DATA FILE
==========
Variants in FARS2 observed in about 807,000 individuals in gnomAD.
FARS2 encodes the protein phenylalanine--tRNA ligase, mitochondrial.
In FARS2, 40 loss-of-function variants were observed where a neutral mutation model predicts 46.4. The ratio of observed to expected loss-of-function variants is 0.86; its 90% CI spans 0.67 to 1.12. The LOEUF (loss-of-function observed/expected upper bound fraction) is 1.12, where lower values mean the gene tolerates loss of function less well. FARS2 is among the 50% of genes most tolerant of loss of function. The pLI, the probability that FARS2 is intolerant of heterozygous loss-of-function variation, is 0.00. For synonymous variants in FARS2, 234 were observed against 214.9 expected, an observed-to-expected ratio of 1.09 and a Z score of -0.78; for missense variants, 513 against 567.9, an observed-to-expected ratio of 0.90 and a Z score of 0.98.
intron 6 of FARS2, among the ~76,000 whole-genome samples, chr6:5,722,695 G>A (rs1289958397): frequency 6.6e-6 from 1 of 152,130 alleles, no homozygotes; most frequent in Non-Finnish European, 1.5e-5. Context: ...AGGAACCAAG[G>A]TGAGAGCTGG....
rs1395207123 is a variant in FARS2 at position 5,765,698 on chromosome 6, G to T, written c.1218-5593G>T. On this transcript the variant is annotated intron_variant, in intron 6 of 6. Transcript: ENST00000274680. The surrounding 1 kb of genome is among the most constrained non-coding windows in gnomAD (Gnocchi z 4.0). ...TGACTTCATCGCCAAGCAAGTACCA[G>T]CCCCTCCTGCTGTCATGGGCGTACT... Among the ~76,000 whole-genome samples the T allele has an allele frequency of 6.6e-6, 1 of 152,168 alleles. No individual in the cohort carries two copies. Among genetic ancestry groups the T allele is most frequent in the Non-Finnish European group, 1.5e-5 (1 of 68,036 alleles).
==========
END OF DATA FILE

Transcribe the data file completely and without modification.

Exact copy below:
Variants in FARS2 observed in about 807,000 individuals in gnomAD.
FARS2 encodes the protein phenylalanine--tRNA ligase, mitochondrial.
In FARS2, 40 loss-of-function variants were observed where a neutral mutation model predicts 46.4. The ratio of observed to expected loss-of-function variants is 0.86; its 90% CI spans 0.67 to 1.12. The LOEUF (loss-of-function observed/expected upper bound fraction) is 1.12, where lower values mean the gene tolerates loss of function less well. FARS2 is among the 50% of genes most tolerant of loss of function. The pLI, the probability that FARS2 is intolerant of heterozygous loss-of-function variation, is 0.00. For synonymous variants in FARS2, 234 were observed against 214.9 expected, an observed-to-expected ratio of 1.09 and a Z score of -0.78; for missense variants, 513 against 567.9, an observed-to-expected ratio of 0.90 and a Z score of 0.98.
intron 6 of FARS2, among the ~76,000 whole-genome samples, chr6:5,722,695 G>A (rs1289958397): frequency 6.6e-6 from 1 of 152,130 alleles, no homozygotes; most frequent in Non-Finnish European, 1.5e-5. Context: ...AGGAACCAAG[G>A]TGAGAGCTGG....
rs1395207123 is a variant in FARS2 at position 5,765,698 on chromosome 6, G to T, written c.1218-5593G>T. On this transcript the variant is annotated intron_variant, in intron 6 of 6. Transcript: ENST00000274680. The surrounding 1 kb of genome is among the most constrained non-coding windows in gnomAD (Gnocchi z 4.0). ...TGACTTCATCGCCAAGCAAGTACCA[G>T]CCCCTCCTGCTGTCATGGGCGTACT... Among the ~76,000 whole-genome samples the T allele has an allele frequency of 6.6e-6, 1 of 152,168 alleles. No individual in the cohort carries two copies. Among genetic ancestry groups the T allele is most frequent in the Non-Finnish European group, 1.5e-5 (1 of 68,036 alleles).